All the Way Home: Building a Family in a Falling-Down House

All the Way Home: Building a Family in a Falling-Down House

by David Giffels
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Overview

All the Way Home: Building a Family in a Falling-Down House by David Giffels

Finding the perfect house is never easy. Rebuilding one from a crumbling pile—to say nothing of making it into a home—is even harder.

With their infant son in tow, David Giffels and his wife comb the environs of Akron, Ohio, in search of just the right house for their burgeoning family. Running through David's head the whole time are the lyrics of a Replacements song, ". . . Look me in the eye, then tell me that I'm satisfied," and it gives all the more purpose to their quest. But nothing seems right . . . until they spot a beautiful, decaying Gilded Age mansion. A former rubber industry executive's domain, the once grand residence lacks functional plumbing and electricity, leaks rain like a cartoon shack, and is infested with all manner of wildlife. But for a young man at a coming-of-age crossroads—"suspended between a perpetual youth and an inevitable adulthood"—the challenge is exactly the allure.

All the Way Home follows Giffels's funny, poignant, and confounding journey as he and his wife and a colorful collection of helpers turn a money pit into a house that will complete their family. Nothing could prepare them for a home restoration epic that includes evicting squatters (both four- and two-legged), battling an invading wisteria vine, hunting a ghost, and discovering thousands of dollars in hidden Depression-era cash. But the story's heart lies deeper, in an unexpected series of personal hardships that call into question what "home" really means, and what it means to grow up.

Written with the humor and insight of Bill Bryson and John Grogan, All the Way Home is the engaging tale of a young father's struggle to restore a house and find his way . . . without losing himself.

Product Details

ISBN-13: 9780061362866
Publisher: HarperCollins Publishers
Publication date: 05/27/2008
Pages: 320
Product dimensions: 6.20(w) x 9.00(h) x 1.30(d)

About the Author

David Giffels is an assistant professor of English at the University of Akron, where he teaches creative nonfiction. Formerly an award-winning columnist for the Akron Beacon Journal and a contributing commentator on NPR, his writing has appeared in the New York Times Magazine and many other publications. He lives in Akron, Ohio, with his wife and two children.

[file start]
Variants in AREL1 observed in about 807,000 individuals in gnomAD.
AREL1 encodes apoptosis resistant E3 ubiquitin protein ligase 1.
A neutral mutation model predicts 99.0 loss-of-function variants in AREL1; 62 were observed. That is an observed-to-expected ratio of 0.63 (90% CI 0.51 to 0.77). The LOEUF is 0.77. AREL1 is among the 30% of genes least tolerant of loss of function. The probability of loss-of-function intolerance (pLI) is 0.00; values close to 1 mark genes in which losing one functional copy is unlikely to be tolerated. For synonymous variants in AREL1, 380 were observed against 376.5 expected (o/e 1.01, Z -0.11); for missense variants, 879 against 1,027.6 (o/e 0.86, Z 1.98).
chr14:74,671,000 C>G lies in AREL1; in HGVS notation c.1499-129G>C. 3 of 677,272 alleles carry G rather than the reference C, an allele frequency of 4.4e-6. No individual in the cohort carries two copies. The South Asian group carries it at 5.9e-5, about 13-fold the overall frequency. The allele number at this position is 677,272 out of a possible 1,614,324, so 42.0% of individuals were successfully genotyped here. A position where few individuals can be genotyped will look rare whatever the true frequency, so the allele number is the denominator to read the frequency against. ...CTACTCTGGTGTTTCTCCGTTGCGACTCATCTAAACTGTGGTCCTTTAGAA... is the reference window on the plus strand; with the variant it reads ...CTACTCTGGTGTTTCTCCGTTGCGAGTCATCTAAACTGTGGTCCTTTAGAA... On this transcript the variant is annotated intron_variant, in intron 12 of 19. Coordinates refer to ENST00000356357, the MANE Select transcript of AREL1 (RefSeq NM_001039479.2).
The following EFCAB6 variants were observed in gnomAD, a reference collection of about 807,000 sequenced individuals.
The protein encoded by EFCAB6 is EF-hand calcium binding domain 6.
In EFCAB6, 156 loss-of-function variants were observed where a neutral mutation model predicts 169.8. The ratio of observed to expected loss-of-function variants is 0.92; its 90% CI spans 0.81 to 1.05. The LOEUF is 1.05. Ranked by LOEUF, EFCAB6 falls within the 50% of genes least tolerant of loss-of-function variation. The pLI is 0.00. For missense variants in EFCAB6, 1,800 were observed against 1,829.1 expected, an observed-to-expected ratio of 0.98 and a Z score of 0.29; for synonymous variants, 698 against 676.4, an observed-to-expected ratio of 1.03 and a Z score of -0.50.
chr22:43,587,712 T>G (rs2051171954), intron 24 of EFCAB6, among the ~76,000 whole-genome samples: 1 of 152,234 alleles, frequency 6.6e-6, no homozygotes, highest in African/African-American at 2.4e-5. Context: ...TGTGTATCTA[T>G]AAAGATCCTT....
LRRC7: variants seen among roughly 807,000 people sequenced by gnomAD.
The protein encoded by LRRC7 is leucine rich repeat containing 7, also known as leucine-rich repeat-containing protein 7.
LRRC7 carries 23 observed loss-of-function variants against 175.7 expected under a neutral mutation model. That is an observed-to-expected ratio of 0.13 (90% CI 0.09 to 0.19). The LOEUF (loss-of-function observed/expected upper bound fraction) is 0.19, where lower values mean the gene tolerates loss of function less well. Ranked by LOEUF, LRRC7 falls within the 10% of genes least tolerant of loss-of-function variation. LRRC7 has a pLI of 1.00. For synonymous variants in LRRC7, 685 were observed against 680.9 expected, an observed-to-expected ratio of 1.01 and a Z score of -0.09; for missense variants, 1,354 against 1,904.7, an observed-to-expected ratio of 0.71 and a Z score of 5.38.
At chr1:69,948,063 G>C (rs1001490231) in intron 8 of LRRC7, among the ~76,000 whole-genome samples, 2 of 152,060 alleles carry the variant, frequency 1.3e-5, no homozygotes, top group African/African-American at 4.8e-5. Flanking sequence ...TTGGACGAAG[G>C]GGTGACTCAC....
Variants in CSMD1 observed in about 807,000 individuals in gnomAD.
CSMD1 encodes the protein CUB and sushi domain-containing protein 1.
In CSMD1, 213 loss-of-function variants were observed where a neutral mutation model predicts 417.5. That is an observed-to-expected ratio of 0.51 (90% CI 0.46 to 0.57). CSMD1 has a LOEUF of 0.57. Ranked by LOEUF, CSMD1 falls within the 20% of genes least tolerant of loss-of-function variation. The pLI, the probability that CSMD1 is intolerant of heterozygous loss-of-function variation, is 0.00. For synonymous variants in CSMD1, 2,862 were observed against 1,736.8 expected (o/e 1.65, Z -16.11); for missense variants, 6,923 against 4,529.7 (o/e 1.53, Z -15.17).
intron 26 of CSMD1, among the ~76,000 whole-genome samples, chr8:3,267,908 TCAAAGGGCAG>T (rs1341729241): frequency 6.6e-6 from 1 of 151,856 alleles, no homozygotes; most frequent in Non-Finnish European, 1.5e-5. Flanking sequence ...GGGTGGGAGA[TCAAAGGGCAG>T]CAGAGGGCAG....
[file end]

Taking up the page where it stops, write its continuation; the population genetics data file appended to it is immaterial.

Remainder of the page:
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All the Way Home: Building a Family in a Falling-Down House 4.2 out of 5 based on 0 ratings. 6 reviews.
Anonymous More than 1 year ago
This is a book anyone who has owned a house, been married or had kids will enjoy. Mr. Giffels is a talented writer who makes the reader laugh, cry and laugh again.
Anonymous More than 1 year ago
This is the second time I bought this book. The first time, I thought it was so good that I thought a friend of mine absolutely had to read it, too. So I gave him my copy. I finally missed it so much that I bought myself another copy and read it again. For anyone who has attempted home repair or renovation at any level, this is a must-read. You will feel so much better about your own projects! Giffels has a great sense of humor and his writing style is engaging. Even if you've never lifted a hammer, you will enjoy this tale.
mamowie More than 1 year ago
I was raised on North Portage Path near the Seiberling Mansion in the 50's and 60's. This book brought back so many memories of the homes along that road. They were the most beautiful homes. It is so nice to see that someone wanted to save one of them. It is a shame that the Firestone mansions were torn down and replaced with condos. They should of all been saved and let the public see how it was back in those times. I could not put this book down. I still can't believe that Mrs. Rayner lived in that house until the day she had to move out. Great book. I was so glad that this was recommended to me.
Anonymous More than 1 year ago
Too much self analysis........some parts were barely interesting. I ended up skipping many pages....too much chatter and not enough of a real story.
Anonymous More than 1 year ago
Guest More than 1 year ago
This was an easy, keep your attention read. I read it in two days. Very interesting to step into the world of a major house renovation and the relationships involved.